The goal of this program is to gain some muscle tone/mass in my legs, especially calfs. Also, gain some size in my posterior delts (which I train on push AND pull days). I have grouped my chest, shoulders, and triceps together because they need the least amount of work. And finally to add some thickness to my back.
M: Hams/Calfs/Forearms T: Chest/Shoulders/Triceps W: Off Th: Quads/Calfs F: Back/Biceps S: Core Sun: Off
In addition, I mountain bike 40-60 minutes 5-6 times per week (not including 15 minutes to the gym and 15 back.)
After competing in my first natural bodybuilding comp I track my workouts religiously, including detailed notes. I figure I'll track my progress for 8 weeks and assess my results at that point. I am also trying out a 40/40/20 diet:
Adding tone/mass to your legs simultaneously would be challenging at best. I'd focus on beefing them up for now. Besides, the 'tone' or 'definition' in a muscle is typically all diet anyway. So build some muscle and then let your diet give you the look you want.
There is something to be said for a well-conditioned muscle. I think the best way to achieve a really polished look in your legs, or any muscle for that matter, would be to build it up with primarily heavy weights. Then start to incorporate more rep ranges into your training. I've found this to work well. The trick is on your higher rep sets (12+) you still have be grinding at the end. If you take it easy you're really giving your muscles too much of an opportunity to waste away. I know this from experience.
I recently began doing one minute rest intervals and aiming to finish workouts in 45-60 minutes. Also, I am learning to incorporate different tempos. I generally go two warmups and two working sets because I feel I can push a lot harder and focus on going all out.
Here's a sample ham/calf day:
A) Romanian Deadlift 15/15/12/8/8 B) Walking Kettlebell Lunges 15/15/10/10 B1) Unilateral Leg Curl 15/15/10/10 Note: Preformed ten additional bilateral reps on last two sets of leg curls. C1) Smith Calf Raises (toes in) 25/25/12/12 C2) Seated Calf Raises 15/15/15/15
A) Front Squats 15/15/10/10 B) Wide Stance Leg Press 15/15/12/12 C) Leg Extensions (toes in) 15/15/12/10/10 D) Barbell Hacksquats 15/15/8/8 E) One leg db calf raises 30/30/30/30
Well done on your placing and having the guts to get up there. I did my first show about 8 years ago and it's something you never forget.
If you're looking to add mass to your legs, I think your rep range is too high. I would add some heavier work in the 4-7 rep range. Also, I've found my calves to respond best when I add some heavier work in the 8-10 rep range (even as low as 6 sometimes). I would keep your higher rep sets in there, but heavier work could help.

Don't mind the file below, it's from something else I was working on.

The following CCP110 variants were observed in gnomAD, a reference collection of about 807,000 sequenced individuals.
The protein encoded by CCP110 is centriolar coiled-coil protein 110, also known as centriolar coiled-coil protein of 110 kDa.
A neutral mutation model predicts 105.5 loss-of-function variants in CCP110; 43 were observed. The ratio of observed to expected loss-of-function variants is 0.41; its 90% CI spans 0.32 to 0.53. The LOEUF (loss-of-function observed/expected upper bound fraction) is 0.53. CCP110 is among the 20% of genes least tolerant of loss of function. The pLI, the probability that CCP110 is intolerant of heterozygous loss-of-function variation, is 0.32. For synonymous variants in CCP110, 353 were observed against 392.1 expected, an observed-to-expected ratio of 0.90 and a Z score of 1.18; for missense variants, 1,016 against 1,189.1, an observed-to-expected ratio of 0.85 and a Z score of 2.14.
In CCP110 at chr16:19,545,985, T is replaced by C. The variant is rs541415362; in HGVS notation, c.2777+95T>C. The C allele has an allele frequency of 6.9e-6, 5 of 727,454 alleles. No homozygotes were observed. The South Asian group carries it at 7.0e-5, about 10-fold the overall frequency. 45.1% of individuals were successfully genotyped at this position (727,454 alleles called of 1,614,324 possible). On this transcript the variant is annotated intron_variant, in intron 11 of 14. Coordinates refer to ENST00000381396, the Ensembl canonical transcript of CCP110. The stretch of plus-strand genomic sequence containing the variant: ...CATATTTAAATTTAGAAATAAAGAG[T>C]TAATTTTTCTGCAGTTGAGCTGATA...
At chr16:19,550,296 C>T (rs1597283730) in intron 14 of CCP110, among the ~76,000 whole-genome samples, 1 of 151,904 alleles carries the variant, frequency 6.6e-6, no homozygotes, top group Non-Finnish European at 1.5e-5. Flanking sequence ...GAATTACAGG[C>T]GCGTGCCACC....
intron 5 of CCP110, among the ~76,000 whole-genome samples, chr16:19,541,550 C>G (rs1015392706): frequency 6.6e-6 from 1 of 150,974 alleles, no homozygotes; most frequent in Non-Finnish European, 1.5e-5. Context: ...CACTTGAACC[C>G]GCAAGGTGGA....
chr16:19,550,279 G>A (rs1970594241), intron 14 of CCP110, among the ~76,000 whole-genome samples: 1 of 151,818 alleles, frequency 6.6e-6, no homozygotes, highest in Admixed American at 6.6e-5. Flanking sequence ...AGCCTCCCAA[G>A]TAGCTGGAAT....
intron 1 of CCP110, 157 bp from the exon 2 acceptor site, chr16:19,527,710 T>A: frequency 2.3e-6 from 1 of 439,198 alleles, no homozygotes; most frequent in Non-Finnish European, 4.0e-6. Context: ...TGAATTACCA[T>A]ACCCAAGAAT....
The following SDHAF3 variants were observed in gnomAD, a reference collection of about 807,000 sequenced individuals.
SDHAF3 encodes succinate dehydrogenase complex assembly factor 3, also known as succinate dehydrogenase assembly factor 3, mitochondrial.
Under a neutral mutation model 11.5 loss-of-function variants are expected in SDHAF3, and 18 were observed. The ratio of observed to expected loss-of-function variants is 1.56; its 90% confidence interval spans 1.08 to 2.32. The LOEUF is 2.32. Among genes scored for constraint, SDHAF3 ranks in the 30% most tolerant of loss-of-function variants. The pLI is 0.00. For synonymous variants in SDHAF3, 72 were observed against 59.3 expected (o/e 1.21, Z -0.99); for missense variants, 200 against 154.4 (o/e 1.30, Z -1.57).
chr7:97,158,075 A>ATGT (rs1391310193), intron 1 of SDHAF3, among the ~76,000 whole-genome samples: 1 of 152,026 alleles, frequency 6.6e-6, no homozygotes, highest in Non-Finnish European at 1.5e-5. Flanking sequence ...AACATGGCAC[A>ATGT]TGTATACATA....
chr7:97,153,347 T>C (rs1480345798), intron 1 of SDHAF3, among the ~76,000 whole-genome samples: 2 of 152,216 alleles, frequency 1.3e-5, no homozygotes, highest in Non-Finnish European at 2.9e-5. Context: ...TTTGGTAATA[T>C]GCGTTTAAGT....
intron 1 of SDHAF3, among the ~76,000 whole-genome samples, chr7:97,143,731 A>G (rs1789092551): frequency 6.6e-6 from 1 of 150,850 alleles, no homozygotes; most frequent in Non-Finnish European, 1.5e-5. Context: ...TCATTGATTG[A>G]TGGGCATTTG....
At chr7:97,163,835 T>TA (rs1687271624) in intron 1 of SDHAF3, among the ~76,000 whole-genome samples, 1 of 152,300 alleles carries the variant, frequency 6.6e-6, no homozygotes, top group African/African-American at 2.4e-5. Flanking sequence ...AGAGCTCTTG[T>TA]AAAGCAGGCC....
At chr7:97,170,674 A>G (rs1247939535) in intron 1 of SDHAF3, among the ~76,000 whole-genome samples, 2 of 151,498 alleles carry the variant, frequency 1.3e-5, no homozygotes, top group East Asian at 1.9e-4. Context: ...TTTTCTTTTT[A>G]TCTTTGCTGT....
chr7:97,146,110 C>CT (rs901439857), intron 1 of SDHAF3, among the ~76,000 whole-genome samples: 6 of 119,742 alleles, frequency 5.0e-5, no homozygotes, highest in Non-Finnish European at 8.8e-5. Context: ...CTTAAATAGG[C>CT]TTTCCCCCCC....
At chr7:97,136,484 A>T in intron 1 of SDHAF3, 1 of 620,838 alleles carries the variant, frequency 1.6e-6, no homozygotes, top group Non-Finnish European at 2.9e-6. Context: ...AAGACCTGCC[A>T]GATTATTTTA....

Timing your rest intervals is something that is highly overlooked by many. I've been an advocate of doing that for years now, and it makes a huge difference in terms of overall intensity and truly tracking progress. Not to mention it gives you yet another tool to diversify your training.
60s breaks are good...but try dropping as low as 30s on some of your movements. It'll be quite a shock to your system and could help with overall conditioning. If you do add some heavier work, I'd keep those breaks around 90s or so.
As for tempos, the one thing I've recently started incorporating into all of my training are peak contractions (anywhere from 1s-5s per rep). They have been so effective, I will NEVER train without them again. Something to consider...
Thanks for the reponse. I found competing to be an extremely rewarding experience, I feel I have developed a lot as an individual during the six months that I trained for the show. I can't wait to see what I can accomplish with nine or ten months of prep and a well planned 16-20 weeks of cutting!
I will certainly give 30s a try, on an off note the only time I take a preworkout is on leg day. I use NO Explode and generally will use slightly more than two scoops. It certainly makes taking shorter rest periods a lot more bearable compared to the rest of my workouts!
I've actually just started using peak contractions, not for 5s, but I'll focus on contracting the muscle and imagine the blood pumping through it. I've used this particularly for calves at the suggestion of a fellow trainer. I'll have to play around with it on a couple other exercises.
As far as variety, I have always switched things up. Recently another trainer recommended taking two workouts, my quad and ham workouts for example, and sticking strictly to those two for up to 6-8 weeks or until I stop seeing results. I'd like to hear your thoughts or experience with that, maybe it's a good idea for certain muscle groups?
Yeah, peaks on calves has been crucial for me as well. I've recently started really focusing on the bottom of the reps too...coming to a complete stop stretching my calves on the negative as much as possible before contracting them upwards. It's too early to tell how effective this is...but I'm holding out hope
Variety is a tricky bastard. I've tried both doing different workouts each session and sticking with something for at least 8 weeks or so. I think they both have their place in a well designed training split, but if I had to choose one over the other I think sticking with something for several weeks before switching might be better. For me, it is difficult to gauge progress if I keep switching my exercises, order of exercises, etc. By sticking to the same routine for some time, it is easy to see if I'm improving. Either more weight, more reps, or the same weight/reps with less rest is all progress...obviously.
The difference between my first and second shows may have been one of the most explosive periods of my life! It sounds like you're well on your way to experience the same. The motivation and drive you'll have in your training will take you to a whole new level. You sound very eager and I'd bet you're gonna see some really nice improvements across the board.